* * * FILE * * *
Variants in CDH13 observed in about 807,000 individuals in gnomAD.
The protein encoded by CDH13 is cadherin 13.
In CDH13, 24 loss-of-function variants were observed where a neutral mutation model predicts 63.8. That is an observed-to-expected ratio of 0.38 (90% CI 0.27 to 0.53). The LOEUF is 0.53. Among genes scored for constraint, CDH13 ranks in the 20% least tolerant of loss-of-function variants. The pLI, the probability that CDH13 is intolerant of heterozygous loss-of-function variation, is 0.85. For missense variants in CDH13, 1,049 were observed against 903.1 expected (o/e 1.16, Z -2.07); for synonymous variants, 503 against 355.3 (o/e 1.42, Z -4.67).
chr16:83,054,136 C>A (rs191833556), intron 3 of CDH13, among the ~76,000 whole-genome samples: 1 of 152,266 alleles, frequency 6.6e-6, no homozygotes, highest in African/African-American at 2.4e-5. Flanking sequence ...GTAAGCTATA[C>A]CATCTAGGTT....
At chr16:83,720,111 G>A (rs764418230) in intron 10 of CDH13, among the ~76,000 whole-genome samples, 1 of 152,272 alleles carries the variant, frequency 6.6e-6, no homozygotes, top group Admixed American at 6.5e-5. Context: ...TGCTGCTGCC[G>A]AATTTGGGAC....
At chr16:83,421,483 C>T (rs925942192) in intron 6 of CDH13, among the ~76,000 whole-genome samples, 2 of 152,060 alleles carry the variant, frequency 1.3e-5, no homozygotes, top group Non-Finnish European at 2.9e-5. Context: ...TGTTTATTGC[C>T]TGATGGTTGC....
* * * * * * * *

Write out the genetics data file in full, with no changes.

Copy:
Variants in CDH13 observed in about 807,000 individuals in gnomAD.
The protein encoded by CDH13 is cadherin 13.
In CDH13, 24 loss-of-function variants were observed where a neutral mutation model predicts 63.8. That is an observed-to-expected ratio of 0.38 (90% CI 0.27 to 0.53). The LOEUF is 0.53. Among genes scored for constraint, CDH13 ranks in the 20% least tolerant of loss-of-function variants. The pLI, the probability that CDH13 is intolerant of heterozygous loss-of-function variation, is 0.85. For missense variants in CDH13, 1,049 were observed against 903.1 expected (o/e 1.16, Z -2.07); for synonymous variants, 503 against 355.3 (o/e 1.42, Z -4.67).
chr16:83,054,136 C>A (rs191833556), intron 3 of CDH13, among the ~76,000 whole-genome samples: 1 of 152,266 alleles, frequency 6.6e-6, no homozygotes, highest in African/African-American at 2.4e-5. Flanking sequence ...GTAAGCTATA[C>A]CATCTAGGTT....
At chr16:83,720,111 G>A (rs764418230) in intron 10 of CDH13, among the ~76,000 whole-genome samples, 1 of 152,272 alleles carries the variant, frequency 6.6e-6, no homozygotes, top group Admixed American at 6.5e-5. Context: ...TGCTGCTGCC[G>A]AATTTGGGAC....
At chr16:83,421,483 C>T (rs925942192) in intron 6 of CDH13, among the ~76,000 whole-genome samples, 2 of 152,060 alleles carry the variant, frequency 1.3e-5, no homozygotes, top group Non-Finnish European at 2.9e-5. Context: ...TGTTTATTGC[C>T]TGATGGTTGC....